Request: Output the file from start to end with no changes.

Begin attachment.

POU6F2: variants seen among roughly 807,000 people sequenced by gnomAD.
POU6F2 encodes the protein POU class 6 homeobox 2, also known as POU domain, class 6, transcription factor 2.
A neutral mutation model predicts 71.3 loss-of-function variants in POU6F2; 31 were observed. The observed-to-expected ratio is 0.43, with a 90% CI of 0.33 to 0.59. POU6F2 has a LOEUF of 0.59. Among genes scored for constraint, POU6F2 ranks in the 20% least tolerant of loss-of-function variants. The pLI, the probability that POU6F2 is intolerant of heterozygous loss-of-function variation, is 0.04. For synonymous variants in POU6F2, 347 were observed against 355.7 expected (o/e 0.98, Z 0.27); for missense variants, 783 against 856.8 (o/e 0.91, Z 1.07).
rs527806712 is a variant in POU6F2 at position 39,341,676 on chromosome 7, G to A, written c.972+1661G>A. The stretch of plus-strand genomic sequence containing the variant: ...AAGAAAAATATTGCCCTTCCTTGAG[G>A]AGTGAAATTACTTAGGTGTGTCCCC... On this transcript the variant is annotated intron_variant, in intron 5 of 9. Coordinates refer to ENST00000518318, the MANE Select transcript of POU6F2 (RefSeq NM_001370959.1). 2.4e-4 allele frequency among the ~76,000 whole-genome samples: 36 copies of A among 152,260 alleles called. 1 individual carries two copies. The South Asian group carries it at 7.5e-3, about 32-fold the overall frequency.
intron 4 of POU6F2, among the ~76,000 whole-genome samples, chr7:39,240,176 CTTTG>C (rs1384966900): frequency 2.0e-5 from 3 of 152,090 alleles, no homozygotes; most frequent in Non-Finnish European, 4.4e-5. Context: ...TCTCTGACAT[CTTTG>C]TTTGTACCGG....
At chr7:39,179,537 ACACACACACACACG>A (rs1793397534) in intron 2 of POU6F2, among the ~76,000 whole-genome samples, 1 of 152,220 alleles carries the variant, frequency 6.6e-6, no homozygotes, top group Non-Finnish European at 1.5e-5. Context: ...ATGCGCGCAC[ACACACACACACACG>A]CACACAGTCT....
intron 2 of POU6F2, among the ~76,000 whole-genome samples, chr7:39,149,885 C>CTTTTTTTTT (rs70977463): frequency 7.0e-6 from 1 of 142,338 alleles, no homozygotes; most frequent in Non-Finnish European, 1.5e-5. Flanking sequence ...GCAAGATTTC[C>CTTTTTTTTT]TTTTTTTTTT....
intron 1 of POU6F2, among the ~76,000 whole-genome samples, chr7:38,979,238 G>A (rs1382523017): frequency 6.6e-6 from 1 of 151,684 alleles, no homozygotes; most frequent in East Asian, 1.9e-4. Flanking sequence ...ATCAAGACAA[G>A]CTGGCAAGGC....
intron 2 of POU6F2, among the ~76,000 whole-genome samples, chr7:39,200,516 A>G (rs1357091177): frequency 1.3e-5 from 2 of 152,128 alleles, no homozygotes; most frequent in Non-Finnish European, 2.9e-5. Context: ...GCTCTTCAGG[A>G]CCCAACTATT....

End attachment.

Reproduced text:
POU6F2: variants seen among roughly 807,000 people sequenced by gnomAD.
POU6F2 encodes the protein POU class 6 homeobox 2, also known as POU domain, class 6, transcription factor 2.
A neutral mutation model predicts 71.3 loss-of-function variants in POU6F2; 31 were observed. The observed-to-expected ratio is 0.43, with a 90% CI of 0.33 to 0.59. POU6F2 has a LOEUF of 0.59. Among genes scored for constraint, POU6F2 ranks in the 20% least tolerant of loss-of-function variants. The pLI, the probability that POU6F2 is intolerant of heterozygous loss-of-function variation, is 0.04. For synonymous variants in POU6F2, 347 were observed against 355.7 expected (o/e 0.98, Z 0.27); for missense variants, 783 against 856.8 (o/e 0.91, Z 1.07).
rs527806712 is a variant in POU6F2 at position 39,341,676 on chromosome 7, G to A, written c.972+1661G>A. The stretch of plus-strand genomic sequence containing the variant: ...AAGAAAAATATTGCCCTTCCTTGAG[G>A]AGTGAAATTACTTAGGTGTGTCCCC... On this transcript the variant is annotated intron_variant, in intron 5 of 9. Coordinates refer to ENST00000518318, the MANE Select transcript of POU6F2 (RefSeq NM_001370959.1). 2.4e-4 allele frequency among the ~76,000 whole-genome samples: 36 copies of A among 152,260 alleles called. 1 individual carries two copies. The South Asian group carries it at 7.5e-3, about 32-fold the overall frequency.
intron 4 of POU6F2, among the ~76,000 whole-genome samples, chr7:39,240,176 CTTTG>C (rs1384966900): frequency 2.0e-5 from 3 of 152,090 alleles, no homozygotes; most frequent in Non-Finnish European, 4.4e-5. Context: ...TCTCTGACAT[CTTTG>C]TTTGTACCGG....
At chr7:39,179,537 ACACACACACACACG>A (rs1793397534) in intron 2 of POU6F2, among the ~76,000 whole-genome samples, 1 of 152,220 alleles carries the variant, frequency 6.6e-6, no homozygotes, top group Non-Finnish European at 1.5e-5. Context: ...ATGCGCGCAC[ACACACACACACACG>A]CACACAGTCT....
intron 2 of POU6F2, among the ~76,000 whole-genome samples, chr7:39,149,885 C>CTTTTTTTTT (rs70977463): frequency 7.0e-6 from 1 of 142,338 alleles, no homozygotes; most frequent in Non-Finnish European, 1.5e-5. Flanking sequence ...GCAAGATTTC[C>CTTTTTTTTT]TTTTTTTTTT....
intron 1 of POU6F2, among the ~76,000 whole-genome samples, chr7:38,979,238 G>A (rs1382523017): frequency 6.6e-6 from 1 of 151,684 alleles, no homozygotes; most frequent in East Asian, 1.9e-4. Flanking sequence ...ATCAAGACAA[G>A]CTGGCAAGGC....
intron 2 of POU6F2, among the ~76,000 whole-genome samples, chr7:39,200,516 A>G (rs1357091177): frequency 1.3e-5 from 2 of 152,128 alleles, no homozygotes; most frequent in Non-Finnish European, 2.9e-5. Context: ...GCTCTTCAGG[A>G]CCCAACTATT....